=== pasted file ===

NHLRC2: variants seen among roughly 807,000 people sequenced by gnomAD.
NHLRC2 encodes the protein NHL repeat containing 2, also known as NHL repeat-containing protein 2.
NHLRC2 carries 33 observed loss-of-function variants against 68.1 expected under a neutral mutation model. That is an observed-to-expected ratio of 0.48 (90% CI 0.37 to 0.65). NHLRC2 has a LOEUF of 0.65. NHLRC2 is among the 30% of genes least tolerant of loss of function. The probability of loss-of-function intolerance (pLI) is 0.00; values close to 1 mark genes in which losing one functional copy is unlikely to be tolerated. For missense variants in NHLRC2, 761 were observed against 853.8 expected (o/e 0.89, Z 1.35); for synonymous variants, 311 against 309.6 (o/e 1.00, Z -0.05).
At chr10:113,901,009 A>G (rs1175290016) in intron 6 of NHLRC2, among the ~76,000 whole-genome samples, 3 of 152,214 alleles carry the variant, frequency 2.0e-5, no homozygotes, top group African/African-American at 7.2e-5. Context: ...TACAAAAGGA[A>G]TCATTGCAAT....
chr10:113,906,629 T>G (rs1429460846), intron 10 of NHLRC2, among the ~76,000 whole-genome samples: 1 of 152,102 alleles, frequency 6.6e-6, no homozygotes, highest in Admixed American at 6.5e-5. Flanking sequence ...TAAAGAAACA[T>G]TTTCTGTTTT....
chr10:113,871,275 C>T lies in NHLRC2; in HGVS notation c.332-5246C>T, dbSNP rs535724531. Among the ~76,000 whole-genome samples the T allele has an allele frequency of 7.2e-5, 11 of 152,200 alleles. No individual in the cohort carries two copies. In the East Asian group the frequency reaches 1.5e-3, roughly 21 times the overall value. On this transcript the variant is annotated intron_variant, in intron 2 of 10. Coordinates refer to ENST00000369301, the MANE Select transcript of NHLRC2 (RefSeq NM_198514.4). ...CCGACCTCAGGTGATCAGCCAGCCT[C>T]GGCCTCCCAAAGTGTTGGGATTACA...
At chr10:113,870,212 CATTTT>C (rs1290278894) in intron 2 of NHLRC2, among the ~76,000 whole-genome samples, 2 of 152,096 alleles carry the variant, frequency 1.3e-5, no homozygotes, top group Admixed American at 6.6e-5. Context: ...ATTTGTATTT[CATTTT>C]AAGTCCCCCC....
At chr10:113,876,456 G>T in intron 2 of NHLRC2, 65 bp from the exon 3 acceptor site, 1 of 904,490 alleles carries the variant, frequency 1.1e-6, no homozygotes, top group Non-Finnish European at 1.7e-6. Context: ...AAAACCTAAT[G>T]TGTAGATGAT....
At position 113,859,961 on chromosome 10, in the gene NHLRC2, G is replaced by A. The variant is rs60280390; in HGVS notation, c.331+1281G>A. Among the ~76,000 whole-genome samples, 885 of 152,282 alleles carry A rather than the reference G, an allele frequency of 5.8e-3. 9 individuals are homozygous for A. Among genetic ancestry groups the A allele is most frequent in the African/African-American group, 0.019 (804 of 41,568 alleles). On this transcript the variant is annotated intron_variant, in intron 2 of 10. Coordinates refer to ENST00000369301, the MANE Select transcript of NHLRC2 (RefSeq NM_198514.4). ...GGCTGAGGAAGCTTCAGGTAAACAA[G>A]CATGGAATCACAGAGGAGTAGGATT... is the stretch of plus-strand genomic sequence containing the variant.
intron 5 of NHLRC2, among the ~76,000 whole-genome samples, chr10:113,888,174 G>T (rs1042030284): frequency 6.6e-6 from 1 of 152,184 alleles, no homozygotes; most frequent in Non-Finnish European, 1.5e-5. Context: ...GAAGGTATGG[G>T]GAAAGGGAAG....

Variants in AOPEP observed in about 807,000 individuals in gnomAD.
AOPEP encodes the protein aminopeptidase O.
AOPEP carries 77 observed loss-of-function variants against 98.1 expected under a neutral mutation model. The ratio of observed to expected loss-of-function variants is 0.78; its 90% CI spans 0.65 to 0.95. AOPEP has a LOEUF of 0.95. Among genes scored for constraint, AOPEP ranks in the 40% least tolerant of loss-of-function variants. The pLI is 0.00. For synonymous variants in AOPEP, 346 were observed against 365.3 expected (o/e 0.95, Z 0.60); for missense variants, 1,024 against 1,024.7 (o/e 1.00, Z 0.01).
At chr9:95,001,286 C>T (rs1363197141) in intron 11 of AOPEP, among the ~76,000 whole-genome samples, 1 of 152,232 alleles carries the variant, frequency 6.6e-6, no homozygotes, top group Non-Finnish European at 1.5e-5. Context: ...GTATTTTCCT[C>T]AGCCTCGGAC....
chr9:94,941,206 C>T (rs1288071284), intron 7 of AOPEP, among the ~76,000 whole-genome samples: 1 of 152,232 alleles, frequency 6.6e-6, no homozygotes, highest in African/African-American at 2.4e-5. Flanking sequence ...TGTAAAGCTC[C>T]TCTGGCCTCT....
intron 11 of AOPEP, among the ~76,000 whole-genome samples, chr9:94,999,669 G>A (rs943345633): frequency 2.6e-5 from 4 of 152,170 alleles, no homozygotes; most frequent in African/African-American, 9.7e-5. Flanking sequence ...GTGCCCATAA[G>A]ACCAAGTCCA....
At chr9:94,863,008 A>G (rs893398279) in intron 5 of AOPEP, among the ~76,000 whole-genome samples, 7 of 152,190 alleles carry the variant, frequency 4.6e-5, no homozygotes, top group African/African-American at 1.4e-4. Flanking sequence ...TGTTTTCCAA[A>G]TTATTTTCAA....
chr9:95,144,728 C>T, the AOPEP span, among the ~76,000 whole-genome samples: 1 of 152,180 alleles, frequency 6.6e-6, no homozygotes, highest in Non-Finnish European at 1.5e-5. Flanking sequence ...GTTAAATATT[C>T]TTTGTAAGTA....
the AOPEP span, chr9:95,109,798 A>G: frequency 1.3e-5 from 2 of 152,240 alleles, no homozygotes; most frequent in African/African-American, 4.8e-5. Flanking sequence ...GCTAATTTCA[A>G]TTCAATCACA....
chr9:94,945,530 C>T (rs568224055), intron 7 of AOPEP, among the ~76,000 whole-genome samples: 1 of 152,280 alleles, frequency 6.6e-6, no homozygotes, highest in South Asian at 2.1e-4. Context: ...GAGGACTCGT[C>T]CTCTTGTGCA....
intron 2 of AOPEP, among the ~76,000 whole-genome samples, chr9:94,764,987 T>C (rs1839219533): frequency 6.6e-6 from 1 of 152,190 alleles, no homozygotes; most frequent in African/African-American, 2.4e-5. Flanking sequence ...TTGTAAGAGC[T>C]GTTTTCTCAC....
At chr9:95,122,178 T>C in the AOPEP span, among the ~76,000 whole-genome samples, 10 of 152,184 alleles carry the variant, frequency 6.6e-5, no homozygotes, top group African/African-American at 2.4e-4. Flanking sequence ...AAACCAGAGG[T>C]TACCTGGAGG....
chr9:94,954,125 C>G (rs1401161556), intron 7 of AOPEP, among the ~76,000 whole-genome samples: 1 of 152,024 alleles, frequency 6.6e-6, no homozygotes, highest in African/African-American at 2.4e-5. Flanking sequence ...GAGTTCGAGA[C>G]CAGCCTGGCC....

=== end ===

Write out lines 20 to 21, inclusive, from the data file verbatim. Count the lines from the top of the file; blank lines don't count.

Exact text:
chr9:94,945,530 C>T (rs568224055), intron 7 of AOPEP, among the ~76,000 whole-genome samples: 1 of 152,280 alleles, frequency 6.6e-6, no homozygotes, highest in South Asian at 2.1e-4. Context: ...GAGGACTCGT[C>T]CTCTTGTGCA....
intron 2 of AOPEP, among the ~76,000 whole-genome samples, chr9:94,764,987 T>C (rs1839219533): frequency 6.6e-6 from 1 of 152,190 alleles, no homozygotes; most frequent in African/African-American, 2.4e-5. Flanking sequence ...TTGTAAGAGC[T>C]GTTTTCTCAC....